US households end 2020 with record $130.2 trillion in wealth, says Fed



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US households end 2020 with record $130.2 trillion in wealth, says Fed

With a near-zero interest rate leading to an upsurge in borrowing in both corporate alongside individual level and massive Government relief bills injecting fresh influx of billions of dollars into the economy last year, US households had wrapped up 2020 with an all-time high $130.2 trillion worth of assets on record, a US Federal Reserve report had unveiled.

In point of fact, a still-raging pandemic outbreak had stemmed a number of stimulus bills last year including a trillion-dollar rescue package passed in the US Senate on April last year, handing out a one-off $1,200 in pay-checks to most adult Americans alongside an additional $600 per week in state unemployment benefits, while a rock-bottom interest rate led to a uprising in US housing market with long-term fixed home loans hovering to their record lows.

Besides, an unprecedented upsurge in savings due to the pandemic-led restrictions coupled with a high-tide in work-from-home employees, had witnessed a massive influx of fresh capital into US equity markets as tech-savvy growth stocks and mega-cap tech conglomerates had led the Wall Street to record closing highs multiple times.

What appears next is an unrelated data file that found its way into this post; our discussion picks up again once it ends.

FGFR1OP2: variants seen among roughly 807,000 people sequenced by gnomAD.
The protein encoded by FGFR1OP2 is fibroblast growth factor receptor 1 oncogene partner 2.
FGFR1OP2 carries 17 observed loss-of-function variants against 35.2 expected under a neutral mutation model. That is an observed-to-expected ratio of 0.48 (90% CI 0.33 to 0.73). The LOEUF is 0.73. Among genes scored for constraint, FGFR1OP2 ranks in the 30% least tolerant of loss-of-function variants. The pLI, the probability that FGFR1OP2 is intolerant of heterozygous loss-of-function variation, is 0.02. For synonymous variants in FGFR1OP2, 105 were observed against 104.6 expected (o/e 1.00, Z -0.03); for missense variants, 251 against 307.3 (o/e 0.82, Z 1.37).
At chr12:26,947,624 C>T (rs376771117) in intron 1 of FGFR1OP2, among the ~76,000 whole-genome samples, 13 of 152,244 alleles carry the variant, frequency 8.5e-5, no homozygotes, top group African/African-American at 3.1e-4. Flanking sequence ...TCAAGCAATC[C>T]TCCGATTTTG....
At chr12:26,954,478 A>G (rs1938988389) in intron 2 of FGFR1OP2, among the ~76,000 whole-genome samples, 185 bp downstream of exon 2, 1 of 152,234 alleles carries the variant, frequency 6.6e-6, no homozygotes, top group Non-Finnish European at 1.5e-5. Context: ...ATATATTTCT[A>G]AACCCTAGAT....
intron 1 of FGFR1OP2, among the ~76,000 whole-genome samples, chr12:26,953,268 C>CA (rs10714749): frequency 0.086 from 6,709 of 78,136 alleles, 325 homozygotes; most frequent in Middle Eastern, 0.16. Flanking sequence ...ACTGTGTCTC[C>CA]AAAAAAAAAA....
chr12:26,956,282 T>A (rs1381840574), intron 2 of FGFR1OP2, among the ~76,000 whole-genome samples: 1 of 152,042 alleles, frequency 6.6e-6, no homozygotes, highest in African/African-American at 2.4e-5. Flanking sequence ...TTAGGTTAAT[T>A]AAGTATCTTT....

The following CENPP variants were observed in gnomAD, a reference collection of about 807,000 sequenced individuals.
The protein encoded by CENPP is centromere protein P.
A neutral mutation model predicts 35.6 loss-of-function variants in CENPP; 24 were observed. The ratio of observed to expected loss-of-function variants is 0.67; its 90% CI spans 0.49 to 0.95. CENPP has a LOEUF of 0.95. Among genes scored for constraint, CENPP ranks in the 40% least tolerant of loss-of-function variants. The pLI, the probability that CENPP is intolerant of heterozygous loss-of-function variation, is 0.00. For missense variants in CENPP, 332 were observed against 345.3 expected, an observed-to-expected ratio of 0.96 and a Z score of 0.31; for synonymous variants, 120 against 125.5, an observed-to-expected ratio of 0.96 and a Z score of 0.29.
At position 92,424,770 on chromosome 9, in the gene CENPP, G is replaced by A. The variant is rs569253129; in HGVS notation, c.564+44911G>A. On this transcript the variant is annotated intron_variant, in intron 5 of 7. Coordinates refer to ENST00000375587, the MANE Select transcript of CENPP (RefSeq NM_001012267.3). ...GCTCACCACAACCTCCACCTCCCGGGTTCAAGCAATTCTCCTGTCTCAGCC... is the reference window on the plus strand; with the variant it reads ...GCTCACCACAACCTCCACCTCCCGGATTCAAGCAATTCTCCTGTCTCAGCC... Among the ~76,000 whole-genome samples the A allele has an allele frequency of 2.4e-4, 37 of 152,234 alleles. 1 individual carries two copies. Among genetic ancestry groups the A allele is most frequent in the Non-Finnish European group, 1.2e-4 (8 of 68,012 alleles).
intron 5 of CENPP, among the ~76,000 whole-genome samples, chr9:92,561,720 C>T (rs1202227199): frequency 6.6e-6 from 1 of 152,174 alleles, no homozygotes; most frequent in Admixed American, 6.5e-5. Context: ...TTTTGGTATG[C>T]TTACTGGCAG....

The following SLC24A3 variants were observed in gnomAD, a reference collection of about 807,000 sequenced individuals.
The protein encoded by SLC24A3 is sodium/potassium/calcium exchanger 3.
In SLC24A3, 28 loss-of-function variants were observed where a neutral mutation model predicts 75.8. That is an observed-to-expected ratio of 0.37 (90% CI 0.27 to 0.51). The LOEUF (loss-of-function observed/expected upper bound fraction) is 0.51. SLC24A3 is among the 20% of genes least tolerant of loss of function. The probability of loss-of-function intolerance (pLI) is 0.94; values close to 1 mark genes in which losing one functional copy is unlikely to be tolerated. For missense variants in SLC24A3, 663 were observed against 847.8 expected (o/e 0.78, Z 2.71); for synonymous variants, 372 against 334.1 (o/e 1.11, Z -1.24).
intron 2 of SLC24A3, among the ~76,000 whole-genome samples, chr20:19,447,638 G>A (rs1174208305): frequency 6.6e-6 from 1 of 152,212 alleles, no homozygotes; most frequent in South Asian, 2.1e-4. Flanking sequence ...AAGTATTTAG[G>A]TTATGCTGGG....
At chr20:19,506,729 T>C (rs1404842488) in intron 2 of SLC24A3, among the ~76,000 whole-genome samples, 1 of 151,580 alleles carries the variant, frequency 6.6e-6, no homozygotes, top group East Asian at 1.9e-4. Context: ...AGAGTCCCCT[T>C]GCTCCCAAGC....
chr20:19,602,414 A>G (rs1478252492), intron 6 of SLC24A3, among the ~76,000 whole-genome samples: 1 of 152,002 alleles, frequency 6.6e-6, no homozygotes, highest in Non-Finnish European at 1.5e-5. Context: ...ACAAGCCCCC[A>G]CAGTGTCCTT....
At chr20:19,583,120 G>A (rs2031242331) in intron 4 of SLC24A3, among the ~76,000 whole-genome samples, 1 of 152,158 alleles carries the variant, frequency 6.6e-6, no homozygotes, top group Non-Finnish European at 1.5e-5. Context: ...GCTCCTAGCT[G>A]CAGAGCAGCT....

US households wind up 2020 with record $130.2 trillion worth of assets

On top of that, according to the Federal Reserve report, a tech-boom helped US equity markets add as many as $4.9 trillion to household assets over the fourth quarter of 2020, while a rise in real estate values amid a steep shortage in US housing supplies, largely due to a race towards suburbs and countryside in bids to avoid the densely populated US cities, added another $900 billion in US households’ assets.

Apart from that, balances in fresh liquidities, saving deposits and current accounts jumped to a combined $642.7 billion to a record $14.1 trillion over Q4, 2020, however, overall household borrowings grew at an annualized rate of 6.5 per cent over the fourth quarter which followed a rise in household debts by 5.7 per cent a quarter earlier, while total mortgage debts spiked to a record $10.9 trillion and credit card debts had rounded off the year at a lump-sum of $974.9 billion.